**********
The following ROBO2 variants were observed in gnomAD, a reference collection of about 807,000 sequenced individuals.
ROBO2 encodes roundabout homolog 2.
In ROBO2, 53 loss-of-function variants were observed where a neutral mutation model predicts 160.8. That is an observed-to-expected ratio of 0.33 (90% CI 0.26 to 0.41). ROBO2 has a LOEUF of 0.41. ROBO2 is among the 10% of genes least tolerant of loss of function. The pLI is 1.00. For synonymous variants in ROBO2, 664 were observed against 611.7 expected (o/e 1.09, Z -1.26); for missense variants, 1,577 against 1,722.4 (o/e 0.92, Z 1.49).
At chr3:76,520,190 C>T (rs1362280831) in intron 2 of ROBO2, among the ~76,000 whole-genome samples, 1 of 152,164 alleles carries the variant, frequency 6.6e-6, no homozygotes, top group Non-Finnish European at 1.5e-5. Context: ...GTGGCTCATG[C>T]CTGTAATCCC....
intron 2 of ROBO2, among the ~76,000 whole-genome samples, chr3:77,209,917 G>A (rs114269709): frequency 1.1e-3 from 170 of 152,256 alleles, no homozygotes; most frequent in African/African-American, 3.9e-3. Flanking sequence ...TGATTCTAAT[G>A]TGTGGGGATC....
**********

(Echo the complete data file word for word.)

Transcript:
The following ROBO2 variants were observed in gnomAD, a reference collection of about 807,000 sequenced individuals.
ROBO2 encodes roundabout homolog 2.
In ROBO2, 53 loss-of-function variants were observed where a neutral mutation model predicts 160.8. That is an observed-to-expected ratio of 0.33 (90% CI 0.26 to 0.41). ROBO2 has a LOEUF of 0.41. ROBO2 is among the 10% of genes least tolerant of loss of function. The pLI is 1.00. For synonymous variants in ROBO2, 664 were observed against 611.7 expected (o/e 1.09, Z -1.26); for missense variants, 1,577 against 1,722.4 (o/e 0.92, Z 1.49).
At chr3:76,520,190 C>T (rs1362280831) in intron 2 of ROBO2, among the ~76,000 whole-genome samples, 1 of 152,164 alleles carries the variant, frequency 6.6e-6, no homozygotes, top group Non-Finnish European at 1.5e-5. Context: ...GTGGCTCATG[C>T]CTGTAATCCC....
intron 2 of ROBO2, among the ~76,000 whole-genome samples, chr3:77,209,917 G>A (rs114269709): frequency 1.1e-3 from 170 of 152,256 alleles, no homozygotes; most frequent in African/African-American, 3.9e-3. Flanking sequence ...TGATTCTAAT[G>A]TGTGGGGATC....